What is tetanus?

Tetanus is a bacterial infection caused by the bacteria Clostridium Tetani. It commonly lives in dirt, dust and animal waste and the spores are usually introduced into the body via lacerations or puncture wounds. The spores can survive in a wound for as long as 3 months before becoming active. The most common time frame for presentation of tetanus is around 14 days, but it can also be delayed (up to months), after the injury. Unlike other vaccine preventable diseases, tetanus is not transmissible from person to person.

Examples of wounds that are considered tetanus prone-

  • Bites, either animal or human
  • Deep penetrating wounds
  • Wounds with foreign bodies i.e. splinters
  • Burns
  • Open fractures
  • Cuts or lacerations with outdoor equipment

Signs and Symptoms

People infected with tetanus commonly show signs of muscle spasm, mainly around the face and neck, including lock jaw. Spasms can last for significant amounts of time, requiring large amounts of analgesia.

Severe cases can lead to breathing difficulties, respiratory infections and heart attack. 1 in 10 people with tetanus will die despite receiving prompt medical treatment.

Prevention

Vaccination is the most effective way to prevent tetanus.

As per the National Immunisation Program (NIP), a primary course of tetanus vaccination is given at 6-weeks, 4-months, and 6-months of age (Infanrix hexa®).

Boosters are then scheduled at-

  • 18-months (Infanrix®/Tripacel®)
  • 4-years (Infanrix-IPV®/Quadracel®)
  • Year 7/12 to 13-years of age (Boostrix®)

A further booster dose as dTpa (Boostrix®/Adacel®) is recommended but not funded, for adults aged ≥ 50-years who have not received a dose of tetanus-containing vaccine in the last 10 years.

Regular booster doses every 10-years are no longer recommended. However immunisation advice regarding the management of a tetanus prone wound varies from this [see below].

Tetanus prone wounds (see resources: RCH CPG)

The correct management of a tetanus prone wound is vital in the prevention of tetanus. Key messages include:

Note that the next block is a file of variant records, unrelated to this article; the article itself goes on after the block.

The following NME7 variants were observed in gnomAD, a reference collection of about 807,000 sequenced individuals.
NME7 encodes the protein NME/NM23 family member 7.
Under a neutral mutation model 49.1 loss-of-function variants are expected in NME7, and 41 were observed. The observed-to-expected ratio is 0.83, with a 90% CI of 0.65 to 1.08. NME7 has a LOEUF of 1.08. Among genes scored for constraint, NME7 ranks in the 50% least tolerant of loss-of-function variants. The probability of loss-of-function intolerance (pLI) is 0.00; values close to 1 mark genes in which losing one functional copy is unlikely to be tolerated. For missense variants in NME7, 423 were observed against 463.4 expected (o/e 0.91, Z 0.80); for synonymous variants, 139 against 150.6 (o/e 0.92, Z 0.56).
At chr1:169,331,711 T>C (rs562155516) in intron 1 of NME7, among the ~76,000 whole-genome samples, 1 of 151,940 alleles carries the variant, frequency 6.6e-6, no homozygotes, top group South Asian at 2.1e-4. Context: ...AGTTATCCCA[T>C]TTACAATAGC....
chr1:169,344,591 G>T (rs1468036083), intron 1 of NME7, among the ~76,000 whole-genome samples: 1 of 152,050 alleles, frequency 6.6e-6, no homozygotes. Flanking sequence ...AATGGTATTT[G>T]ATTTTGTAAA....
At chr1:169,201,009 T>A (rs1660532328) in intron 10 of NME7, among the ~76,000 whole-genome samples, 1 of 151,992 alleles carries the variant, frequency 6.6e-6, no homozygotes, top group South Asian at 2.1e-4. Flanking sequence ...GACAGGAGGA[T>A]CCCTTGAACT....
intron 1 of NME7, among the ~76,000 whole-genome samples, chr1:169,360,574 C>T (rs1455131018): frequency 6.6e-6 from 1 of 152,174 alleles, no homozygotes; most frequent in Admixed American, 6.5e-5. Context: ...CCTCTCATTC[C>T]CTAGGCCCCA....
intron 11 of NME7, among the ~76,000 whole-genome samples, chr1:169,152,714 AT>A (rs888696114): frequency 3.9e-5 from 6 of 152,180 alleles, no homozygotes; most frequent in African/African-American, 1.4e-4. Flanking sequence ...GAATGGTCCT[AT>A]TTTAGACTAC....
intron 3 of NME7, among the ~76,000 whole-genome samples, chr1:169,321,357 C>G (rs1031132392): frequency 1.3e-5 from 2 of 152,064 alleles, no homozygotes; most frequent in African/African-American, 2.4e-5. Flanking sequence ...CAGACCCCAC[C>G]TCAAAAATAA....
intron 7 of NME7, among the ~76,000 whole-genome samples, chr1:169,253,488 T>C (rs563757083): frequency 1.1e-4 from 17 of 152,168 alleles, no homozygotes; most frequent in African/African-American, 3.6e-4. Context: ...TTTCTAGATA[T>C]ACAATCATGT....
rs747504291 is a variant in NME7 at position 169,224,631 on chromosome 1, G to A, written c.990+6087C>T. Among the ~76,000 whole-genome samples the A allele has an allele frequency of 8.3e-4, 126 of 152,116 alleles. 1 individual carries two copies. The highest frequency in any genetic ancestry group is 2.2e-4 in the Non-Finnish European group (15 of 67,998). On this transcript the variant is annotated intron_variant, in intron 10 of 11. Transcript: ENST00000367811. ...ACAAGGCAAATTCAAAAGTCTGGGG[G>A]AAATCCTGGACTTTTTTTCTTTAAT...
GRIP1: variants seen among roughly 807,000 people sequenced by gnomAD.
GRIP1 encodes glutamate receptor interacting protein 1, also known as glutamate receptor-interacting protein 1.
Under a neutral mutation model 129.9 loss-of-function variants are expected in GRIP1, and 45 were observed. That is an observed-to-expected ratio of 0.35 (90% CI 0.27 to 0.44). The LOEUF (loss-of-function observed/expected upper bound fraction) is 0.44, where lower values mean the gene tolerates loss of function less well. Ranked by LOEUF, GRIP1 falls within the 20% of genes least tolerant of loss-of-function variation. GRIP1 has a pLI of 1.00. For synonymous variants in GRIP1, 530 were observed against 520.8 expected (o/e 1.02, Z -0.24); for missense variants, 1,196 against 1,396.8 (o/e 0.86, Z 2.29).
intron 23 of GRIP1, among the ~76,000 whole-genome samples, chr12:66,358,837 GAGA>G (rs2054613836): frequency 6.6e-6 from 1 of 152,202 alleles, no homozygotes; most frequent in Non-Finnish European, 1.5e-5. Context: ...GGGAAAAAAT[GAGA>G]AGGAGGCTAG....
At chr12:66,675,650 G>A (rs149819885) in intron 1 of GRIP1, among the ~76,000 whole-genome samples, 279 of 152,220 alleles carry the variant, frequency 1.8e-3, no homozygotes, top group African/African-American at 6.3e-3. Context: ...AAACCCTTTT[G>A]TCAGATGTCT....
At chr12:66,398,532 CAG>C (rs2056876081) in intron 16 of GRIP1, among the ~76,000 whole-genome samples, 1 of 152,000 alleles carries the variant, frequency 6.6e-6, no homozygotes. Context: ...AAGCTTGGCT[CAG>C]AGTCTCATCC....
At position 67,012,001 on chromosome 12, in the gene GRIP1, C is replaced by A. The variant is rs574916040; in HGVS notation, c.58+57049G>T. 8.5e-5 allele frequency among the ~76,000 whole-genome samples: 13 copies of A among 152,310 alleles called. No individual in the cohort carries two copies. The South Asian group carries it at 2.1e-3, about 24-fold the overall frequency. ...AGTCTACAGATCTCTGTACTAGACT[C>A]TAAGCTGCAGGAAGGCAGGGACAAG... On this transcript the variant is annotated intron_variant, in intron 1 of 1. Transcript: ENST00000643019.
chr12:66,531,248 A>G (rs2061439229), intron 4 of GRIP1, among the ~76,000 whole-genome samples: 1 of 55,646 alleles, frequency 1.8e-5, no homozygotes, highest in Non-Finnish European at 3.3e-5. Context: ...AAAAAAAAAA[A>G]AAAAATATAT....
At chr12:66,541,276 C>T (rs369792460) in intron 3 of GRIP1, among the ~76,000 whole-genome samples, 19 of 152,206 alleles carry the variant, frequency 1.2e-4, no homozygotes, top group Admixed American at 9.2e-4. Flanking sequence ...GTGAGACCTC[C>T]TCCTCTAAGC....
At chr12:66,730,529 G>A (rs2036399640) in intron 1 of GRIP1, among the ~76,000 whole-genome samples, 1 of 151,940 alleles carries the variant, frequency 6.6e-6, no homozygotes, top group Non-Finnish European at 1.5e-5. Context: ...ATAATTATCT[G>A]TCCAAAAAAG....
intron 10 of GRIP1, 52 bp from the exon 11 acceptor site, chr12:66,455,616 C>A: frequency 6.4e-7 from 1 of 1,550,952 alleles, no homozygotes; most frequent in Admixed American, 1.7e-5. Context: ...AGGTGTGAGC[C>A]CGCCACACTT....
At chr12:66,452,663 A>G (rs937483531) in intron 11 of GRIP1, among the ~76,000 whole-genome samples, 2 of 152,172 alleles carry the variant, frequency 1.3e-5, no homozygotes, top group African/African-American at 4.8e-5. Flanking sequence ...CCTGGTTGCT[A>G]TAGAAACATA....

• Where applicable, wounds should be cleaned, disinfected, and surgically treated if required
  • In paediatric patients, a full immunisation history should be taken, ensuring that a primary course of tetanus vaccination has been completed
  • If a patient is > 5 years post a tetanus vaccine, then a booster is recommended
  • An important age group to consider for a booster are those aged between 9-13 yrs, as they are 5-years post their 4-year old vaccine, and may not have yet received their Year 7 (adolescent) booster

Children or adults who are unimmunised or only partially

Every person will receive an injury at some point in their life. Whether it is tetanus prone, will depend on medical assessment. Even the most superficial wounds could be at risk of tetanus depending on the mechanism of injury. 

An unimmunised or partially immunised person is at greatest risk of contracting tetanus. The elderly population are often included in this group due to timing of their last booster, most commonly being exposed whilst gardening.

A partially immunised person is one who has not yet completed a primary course, or has received < 3 doses of a tetanus containing vaccine. These people require not only a tetanus-containing vaccine but also tetanus immunoglobulin (TIG) [refer to resources for specific advice].

If immunisation history is in doubt, TIG and a course of tetanus-containing vaccines should be administered.

Resources

Australian Immunisation Handbook: Tetanus

The Royal Children’s Hospital Clinical Practice Guideline: Management of tetanus prone wound

 

Reviewed by: Lynne Clutterbuck (Immunisation Nurse, The Royal Children’s Hospital) and Rachael McGuire (Education Nurse Coordinator)

Date: August 2019

Materials in this section are updated as new information becomes available. The Melbourne Vaccine Education Centre (MVEC) staff regularly review materials for accuracy.

You should not consider the information in this site to be specific, professional medical advice for your personal health or for your family’s personal health. For medical concerns, including decisions about vaccinations, medications and other treatments, you should always consult a healthcare professional.